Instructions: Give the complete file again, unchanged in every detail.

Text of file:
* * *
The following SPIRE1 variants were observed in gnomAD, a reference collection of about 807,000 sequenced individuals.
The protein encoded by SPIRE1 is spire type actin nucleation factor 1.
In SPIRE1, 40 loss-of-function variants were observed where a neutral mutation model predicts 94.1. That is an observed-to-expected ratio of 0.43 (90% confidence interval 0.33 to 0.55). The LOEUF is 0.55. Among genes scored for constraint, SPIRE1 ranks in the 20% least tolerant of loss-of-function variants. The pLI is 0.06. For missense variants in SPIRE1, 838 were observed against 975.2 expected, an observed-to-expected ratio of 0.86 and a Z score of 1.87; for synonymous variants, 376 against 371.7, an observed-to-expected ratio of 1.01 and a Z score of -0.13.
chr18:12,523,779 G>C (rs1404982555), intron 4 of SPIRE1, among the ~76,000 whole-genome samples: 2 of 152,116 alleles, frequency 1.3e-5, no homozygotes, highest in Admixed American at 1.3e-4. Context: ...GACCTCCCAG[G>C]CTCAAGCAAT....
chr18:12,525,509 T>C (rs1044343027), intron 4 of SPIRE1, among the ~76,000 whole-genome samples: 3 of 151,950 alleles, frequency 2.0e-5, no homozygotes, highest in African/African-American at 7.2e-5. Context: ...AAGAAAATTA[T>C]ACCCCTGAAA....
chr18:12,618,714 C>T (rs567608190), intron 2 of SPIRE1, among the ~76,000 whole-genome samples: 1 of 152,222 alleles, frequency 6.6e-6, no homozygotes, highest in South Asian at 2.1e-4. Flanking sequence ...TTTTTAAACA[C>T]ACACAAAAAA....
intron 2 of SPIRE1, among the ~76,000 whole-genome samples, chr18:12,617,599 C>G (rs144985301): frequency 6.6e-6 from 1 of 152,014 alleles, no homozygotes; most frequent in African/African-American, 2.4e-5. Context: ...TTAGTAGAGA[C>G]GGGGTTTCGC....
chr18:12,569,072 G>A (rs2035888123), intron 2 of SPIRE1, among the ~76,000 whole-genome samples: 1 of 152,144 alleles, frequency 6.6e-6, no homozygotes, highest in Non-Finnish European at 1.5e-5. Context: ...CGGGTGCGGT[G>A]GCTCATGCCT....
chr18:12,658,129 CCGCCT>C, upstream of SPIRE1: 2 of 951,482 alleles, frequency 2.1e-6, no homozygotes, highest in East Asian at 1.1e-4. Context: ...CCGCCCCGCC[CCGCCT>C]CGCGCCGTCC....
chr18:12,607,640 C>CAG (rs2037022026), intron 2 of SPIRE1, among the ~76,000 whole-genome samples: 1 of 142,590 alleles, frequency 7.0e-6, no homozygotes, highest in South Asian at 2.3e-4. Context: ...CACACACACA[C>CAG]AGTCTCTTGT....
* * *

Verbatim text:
The following SPIRE1 variants were observed in gnomAD, a reference collection of about 807,000 sequenced individuals.
The protein encoded by SPIRE1 is spire type actin nucleation factor 1.
In SPIRE1, 40 loss-of-function variants were observed where a neutral mutation model predicts 94.1. That is an observed-to-expected ratio of 0.43 (90% confidence interval 0.33 to 0.55). The LOEUF is 0.55. Among genes scored for constraint, SPIRE1 ranks in the 20% least tolerant of loss-of-function variants. The pLI is 0.06. For missense variants in SPIRE1, 838 were observed against 975.2 expected, an observed-to-expected ratio of 0.86 and a Z score of 1.87; for synonymous variants, 376 against 371.7, an observed-to-expected ratio of 1.01 and a Z score of -0.13.
chr18:12,523,779 G>C (rs1404982555), intron 4 of SPIRE1, among the ~76,000 whole-genome samples: 2 of 152,116 alleles, frequency 1.3e-5, no homozygotes, highest in Admixed American at 1.3e-4. Context: ...GACCTCCCAG[G>C]CTCAAGCAAT....
chr18:12,525,509 T>C (rs1044343027), intron 4 of SPIRE1, among the ~76,000 whole-genome samples: 3 of 151,950 alleles, frequency 2.0e-5, no homozygotes, highest in African/African-American at 7.2e-5. Context: ...AAGAAAATTA[T>C]ACCCCTGAAA....
chr18:12,618,714 C>T (rs567608190), intron 2 of SPIRE1, among the ~76,000 whole-genome samples: 1 of 152,222 alleles, frequency 6.6e-6, no homozygotes, highest in South Asian at 2.1e-4. Flanking sequence ...TTTTTAAACA[C>T]ACACAAAAAA....
intron 2 of SPIRE1, among the ~76,000 whole-genome samples, chr18:12,617,599 C>G (rs144985301): frequency 6.6e-6 from 1 of 152,014 alleles, no homozygotes; most frequent in African/African-American, 2.4e-5. Context: ...TTAGTAGAGA[C>G]GGGGTTTCGC....
chr18:12,569,072 G>A (rs2035888123), intron 2 of SPIRE1, among the ~76,000 whole-genome samples: 1 of 152,144 alleles, frequency 6.6e-6, no homozygotes, highest in Non-Finnish European at 1.5e-5. Context: ...CGGGTGCGGT[G>A]GCTCATGCCT....
chr18:12,658,129 CCGCCT>C, upstream of SPIRE1: 2 of 951,482 alleles, frequency 2.1e-6, no homozygotes, highest in East Asian at 1.1e-4. Context: ...CCGCCCCGCC[CCGCCT>C]CGCGCCGTCC....
chr18:12,607,640 C>CAG (rs2037022026), intron 2 of SPIRE1, among the ~76,000 whole-genome samples: 1 of 142,590 alleles, frequency 7.0e-6, no homozygotes, highest in South Asian at 2.3e-4. Context: ...CACACACACA[C>CAG]AGTCTCTTGT....